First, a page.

SEATTLE — The Nipah virus (NiV) is considered a pandemic, epidemic disease. Similar to Ebola, meningitis and the Zika virus, NiV is highly fatal, with a 70 percent mortality rate. It falls under the category of illnesses that are referred to as zoonoses, which means they can be transmitted between humans and animals.
The act of acquiring the virus requires close contact with an infected host. The virus is usually spread by fruit bats and domestic pigs; humans can also be infected by consuming fruit and date palm sap that the bats have come into contact with.
There are a series of symptoms that appear after the five to 14-day incubation period and indicate the presence of the infection. Some of the most common symptoms are:
- Muscle aches
- Sore throat
Beyond the onset of the initial symptoms, there are long-term effects that can impact NiV survivors. Some victims of this illness have been reported to experience personality changes, convulsions and have even fallen into a comatose state.
The Recent Outbreak and Its Effects
The first reported outbreak of NiV occurred in 1999. Pig farmers in Malaysia and Singapore became ill and spread the virus to almost 300 people, leaving more than 100 dead in its wake. Authorities decided to euthanize one million pigs to stop the outbreak.
Unfortunately, this solution failed to wipe out the threat of an epidemic. As recently as May 2018, the virus has resurfaced. The outbreak began in the city of Kozhikode, India and spread to four neighboring districts in the state of Kerala. The death toll has now reached 14 people.
The Nipah virus outbreak has impacted tourism in Kerala. The government of Kerala issued an advisory to potential tourists to avoid the northern districts of the state. Hotels have observed the cancellation of tour packages and bookings as a result. Those that are still planning to visit are demanding additional safety measures from tour companies. Hotel managers are hoping this setback is temporary and that they will bounce back.
India’s fruit exports have also been affected, with the United Arab Emirates banning fresh fruits and vegetables imported from Kerala. The fruit bats feed on any fruit they discover, which could spread the virus to these fruits, remaining present even after being exported to other countries.
Government Solutions to the Nipah Virus
Among those that have died from the Nipah virus was a woman named Lini Puthussery. She served as a nurse at the Perambra Taluk Hospital in Kozhikode and contracted the virus while treating patients. Since her passing, the government of Kerala has taken steps to indemnify her family, giving Rs 1 million ($14,600 USD) to both of her young children and offering her husband employment with the government.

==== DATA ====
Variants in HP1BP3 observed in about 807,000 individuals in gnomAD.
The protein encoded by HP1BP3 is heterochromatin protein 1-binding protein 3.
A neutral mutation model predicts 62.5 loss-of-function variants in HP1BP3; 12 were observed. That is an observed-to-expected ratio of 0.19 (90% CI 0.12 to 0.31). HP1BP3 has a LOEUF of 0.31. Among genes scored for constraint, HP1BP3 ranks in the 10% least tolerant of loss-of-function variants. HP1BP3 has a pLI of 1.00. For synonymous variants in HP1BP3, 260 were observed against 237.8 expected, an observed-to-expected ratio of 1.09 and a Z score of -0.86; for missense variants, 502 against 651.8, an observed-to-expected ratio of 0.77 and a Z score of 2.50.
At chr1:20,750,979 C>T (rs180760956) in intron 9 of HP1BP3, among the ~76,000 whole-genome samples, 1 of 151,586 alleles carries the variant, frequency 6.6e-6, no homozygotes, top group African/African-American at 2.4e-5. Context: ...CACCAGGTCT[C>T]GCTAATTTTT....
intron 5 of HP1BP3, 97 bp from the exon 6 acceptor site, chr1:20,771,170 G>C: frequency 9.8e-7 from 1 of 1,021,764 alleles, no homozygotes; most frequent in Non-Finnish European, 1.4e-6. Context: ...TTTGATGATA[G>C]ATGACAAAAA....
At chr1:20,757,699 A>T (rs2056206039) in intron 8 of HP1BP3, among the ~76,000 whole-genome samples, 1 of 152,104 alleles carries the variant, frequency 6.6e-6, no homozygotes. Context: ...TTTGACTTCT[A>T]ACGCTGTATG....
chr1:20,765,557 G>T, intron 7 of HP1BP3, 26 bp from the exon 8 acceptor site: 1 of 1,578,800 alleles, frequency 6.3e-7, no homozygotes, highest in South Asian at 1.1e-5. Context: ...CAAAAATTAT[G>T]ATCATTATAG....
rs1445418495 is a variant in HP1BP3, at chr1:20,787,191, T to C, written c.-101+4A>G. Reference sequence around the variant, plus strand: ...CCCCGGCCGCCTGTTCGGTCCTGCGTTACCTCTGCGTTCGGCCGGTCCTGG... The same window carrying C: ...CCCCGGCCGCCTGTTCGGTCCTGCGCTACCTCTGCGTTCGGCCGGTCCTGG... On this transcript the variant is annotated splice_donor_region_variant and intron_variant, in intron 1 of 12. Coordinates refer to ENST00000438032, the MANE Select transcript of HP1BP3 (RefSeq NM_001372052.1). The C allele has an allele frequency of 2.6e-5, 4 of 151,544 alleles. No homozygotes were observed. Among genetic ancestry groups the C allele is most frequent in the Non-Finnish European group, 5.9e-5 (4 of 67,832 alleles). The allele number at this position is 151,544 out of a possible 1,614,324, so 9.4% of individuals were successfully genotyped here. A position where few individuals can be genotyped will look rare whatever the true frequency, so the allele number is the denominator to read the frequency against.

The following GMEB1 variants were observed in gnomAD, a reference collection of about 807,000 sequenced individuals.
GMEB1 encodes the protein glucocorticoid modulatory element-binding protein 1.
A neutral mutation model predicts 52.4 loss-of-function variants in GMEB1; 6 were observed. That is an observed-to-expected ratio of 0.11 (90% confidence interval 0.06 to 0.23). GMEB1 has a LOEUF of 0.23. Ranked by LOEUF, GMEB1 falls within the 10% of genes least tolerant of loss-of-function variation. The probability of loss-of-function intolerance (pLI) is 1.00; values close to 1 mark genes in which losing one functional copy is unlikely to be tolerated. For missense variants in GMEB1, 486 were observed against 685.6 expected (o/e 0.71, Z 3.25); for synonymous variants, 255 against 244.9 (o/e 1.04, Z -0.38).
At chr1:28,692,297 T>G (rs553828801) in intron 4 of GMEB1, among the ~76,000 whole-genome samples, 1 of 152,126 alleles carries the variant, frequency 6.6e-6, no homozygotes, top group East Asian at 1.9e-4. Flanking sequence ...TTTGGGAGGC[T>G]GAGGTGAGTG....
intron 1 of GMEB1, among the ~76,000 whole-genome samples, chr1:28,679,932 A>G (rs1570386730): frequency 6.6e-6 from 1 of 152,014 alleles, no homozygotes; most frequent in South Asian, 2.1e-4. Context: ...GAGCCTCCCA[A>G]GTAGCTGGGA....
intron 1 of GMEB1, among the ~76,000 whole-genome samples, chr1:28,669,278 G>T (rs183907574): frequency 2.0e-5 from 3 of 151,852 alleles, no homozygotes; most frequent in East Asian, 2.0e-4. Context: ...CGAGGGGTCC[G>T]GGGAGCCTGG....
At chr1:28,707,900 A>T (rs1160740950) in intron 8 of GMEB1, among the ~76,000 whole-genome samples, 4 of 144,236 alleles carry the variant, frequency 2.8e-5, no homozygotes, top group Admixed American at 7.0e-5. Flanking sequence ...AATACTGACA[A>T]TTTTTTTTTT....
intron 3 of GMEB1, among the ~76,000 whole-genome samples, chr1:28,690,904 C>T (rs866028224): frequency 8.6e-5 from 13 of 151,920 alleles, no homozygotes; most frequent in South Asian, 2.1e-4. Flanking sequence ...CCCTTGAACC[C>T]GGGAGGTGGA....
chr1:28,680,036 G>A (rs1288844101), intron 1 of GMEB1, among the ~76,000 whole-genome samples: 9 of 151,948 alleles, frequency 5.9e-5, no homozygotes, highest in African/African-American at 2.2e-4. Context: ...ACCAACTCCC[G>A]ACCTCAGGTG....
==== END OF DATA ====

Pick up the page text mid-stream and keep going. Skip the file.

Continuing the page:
The government of Kerala has announced a contribution of Rs 500,000 ($7,300 USD) to every family that has suffered from a next of kin loss due to NiV. The health and government officials are doing what they can to help contain the outbreak by putting Kerala under a state-wide alert. A total of 2,379 people are currently quarantined in their homes, while more than 2,000 people are still under medical observation.
India’s National Centre for Disease Control is working alongside government investigation teams to contain and potentially end the Nipah virus outbreak. Two teams from New Delhi, India were sent to investigate the outbreak. When these teams entered the house of the first victims, there were bats in the well where the family drew water. Some bats have been captured and sent to labs for further inspection.
The National Institute of Virology, National Centre for Disease Control, Ministry of Health and Family Welfare, Department of Animal Husbandry and the Manipal Centre for Virus Research are all involved with the research and investigation of the outbreak in order to find a solution.
Precautions and Next Steps
Since there is currently no cure for the virus, infected people are sent to hospitals and treated with intensive care. Depending on the severity of the case, some patients are quarantined until further notice. Scientists have discovered that the virus can appear in a different form, affecting the lungs.
There are plenty of precautions that can be taken to reduce the risk of contracting NiV. This specifically includes avoiding pigs, bats and the consumption of raw date palm sap. Everyone is being advised to raise the awareness of the risk factors of the virus to reduce exposure. In order to prevent transmission, the focus should be to decrease bat access to date palm sap and fresh fruit products. People dealing with sick animals should be sure to use gloves and protective clothing. In order to avoid human-to-human transmission, constant hand washing is advised.
To prevent future outbreaks, the World Health Organization is collaborating with the Center for Infectious Disease Research and Policy at the University of Minnesota and the Wellcome Trust to create a research roadmap to find a vaccine to prevent this fatal virus.
As of July 4, 2018, the last two victims of the Nipah virus in Kerala have recovered and have been released from the hospital. The citizens of Kerala are ecstatic about the positive outcome and hope that the renewed focus on preventive measures will ensure that the state does not see another outbreak and the negative effects on people’s lives and livelihoods.
– Kayla Sellers